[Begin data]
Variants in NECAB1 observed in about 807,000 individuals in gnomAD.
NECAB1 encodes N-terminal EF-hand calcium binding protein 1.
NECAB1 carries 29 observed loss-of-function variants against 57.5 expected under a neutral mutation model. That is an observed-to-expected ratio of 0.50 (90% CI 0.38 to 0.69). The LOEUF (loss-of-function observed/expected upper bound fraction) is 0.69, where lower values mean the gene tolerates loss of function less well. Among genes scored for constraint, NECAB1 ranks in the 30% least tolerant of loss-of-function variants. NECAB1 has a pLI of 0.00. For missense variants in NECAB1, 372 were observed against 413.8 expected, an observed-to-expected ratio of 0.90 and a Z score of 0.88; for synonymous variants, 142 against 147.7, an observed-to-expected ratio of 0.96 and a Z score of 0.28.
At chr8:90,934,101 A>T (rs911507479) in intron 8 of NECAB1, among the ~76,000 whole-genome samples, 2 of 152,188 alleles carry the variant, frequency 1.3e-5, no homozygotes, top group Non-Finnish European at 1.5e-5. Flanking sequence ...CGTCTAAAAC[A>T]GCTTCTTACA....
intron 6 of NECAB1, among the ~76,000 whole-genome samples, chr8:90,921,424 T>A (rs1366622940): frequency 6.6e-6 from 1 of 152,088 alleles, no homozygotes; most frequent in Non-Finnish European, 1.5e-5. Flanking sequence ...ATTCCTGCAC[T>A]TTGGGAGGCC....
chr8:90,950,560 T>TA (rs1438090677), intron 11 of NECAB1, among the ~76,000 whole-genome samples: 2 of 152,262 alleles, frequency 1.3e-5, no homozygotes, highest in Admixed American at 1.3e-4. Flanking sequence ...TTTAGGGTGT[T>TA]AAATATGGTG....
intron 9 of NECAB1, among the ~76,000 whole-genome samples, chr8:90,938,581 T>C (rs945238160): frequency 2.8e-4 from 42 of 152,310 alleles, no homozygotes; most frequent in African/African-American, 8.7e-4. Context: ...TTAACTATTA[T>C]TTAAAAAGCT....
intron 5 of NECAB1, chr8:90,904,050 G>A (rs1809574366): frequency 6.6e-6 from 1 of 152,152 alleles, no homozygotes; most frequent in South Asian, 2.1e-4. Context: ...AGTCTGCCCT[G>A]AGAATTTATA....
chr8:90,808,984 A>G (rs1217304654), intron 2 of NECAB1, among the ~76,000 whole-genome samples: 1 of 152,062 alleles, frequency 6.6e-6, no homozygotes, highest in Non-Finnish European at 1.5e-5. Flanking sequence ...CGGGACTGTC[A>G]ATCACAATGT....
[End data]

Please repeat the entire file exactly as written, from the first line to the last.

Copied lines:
Variants in NECAB1 observed in about 807,000 individuals in gnomAD.
NECAB1 encodes N-terminal EF-hand calcium binding protein 1.
NECAB1 carries 29 observed loss-of-function variants against 57.5 expected under a neutral mutation model. That is an observed-to-expected ratio of 0.50 (90% CI 0.38 to 0.69). The LOEUF (loss-of-function observed/expected upper bound fraction) is 0.69, where lower values mean the gene tolerates loss of function less well. Among genes scored for constraint, NECAB1 ranks in the 30% least tolerant of loss-of-function variants. NECAB1 has a pLI of 0.00. For missense variants in NECAB1, 372 were observed against 413.8 expected, an observed-to-expected ratio of 0.90 and a Z score of 0.88; for synonymous variants, 142 against 147.7, an observed-to-expected ratio of 0.96 and a Z score of 0.28.
At chr8:90,934,101 A>T (rs911507479) in intron 8 of NECAB1, among the ~76,000 whole-genome samples, 2 of 152,188 alleles carry the variant, frequency 1.3e-5, no homozygotes, top group Non-Finnish European at 1.5e-5. Flanking sequence ...CGTCTAAAAC[A>T]GCTTCTTACA....
intron 6 of NECAB1, among the ~76,000 whole-genome samples, chr8:90,921,424 T>A (rs1366622940): frequency 6.6e-6 from 1 of 152,088 alleles, no homozygotes; most frequent in Non-Finnish European, 1.5e-5. Flanking sequence ...ATTCCTGCAC[T>A]TTGGGAGGCC....
chr8:90,950,560 T>TA (rs1438090677), intron 11 of NECAB1, among the ~76,000 whole-genome samples: 2 of 152,262 alleles, frequency 1.3e-5, no homozygotes, highest in Admixed American at 1.3e-4. Flanking sequence ...TTTAGGGTGT[T>TA]AAATATGGTG....
intron 9 of NECAB1, among the ~76,000 whole-genome samples, chr8:90,938,581 T>C (rs945238160): frequency 2.8e-4 from 42 of 152,310 alleles, no homozygotes; most frequent in African/African-American, 8.7e-4. Context: ...TTAACTATTA[T>C]TTAAAAAGCT....
intron 5 of NECAB1, chr8:90,904,050 G>A (rs1809574366): frequency 6.6e-6 from 1 of 152,152 alleles, no homozygotes; most frequent in South Asian, 2.1e-4. Context: ...AGTCTGCCCT[G>A]AGAATTTATA....
chr8:90,808,984 A>G (rs1217304654), intron 2 of NECAB1, among the ~76,000 whole-genome samples: 1 of 152,062 alleles, frequency 6.6e-6, no homozygotes, highest in Non-Finnish European at 1.5e-5. Flanking sequence ...CGGGACTGTC[A>G]ATCACAATGT....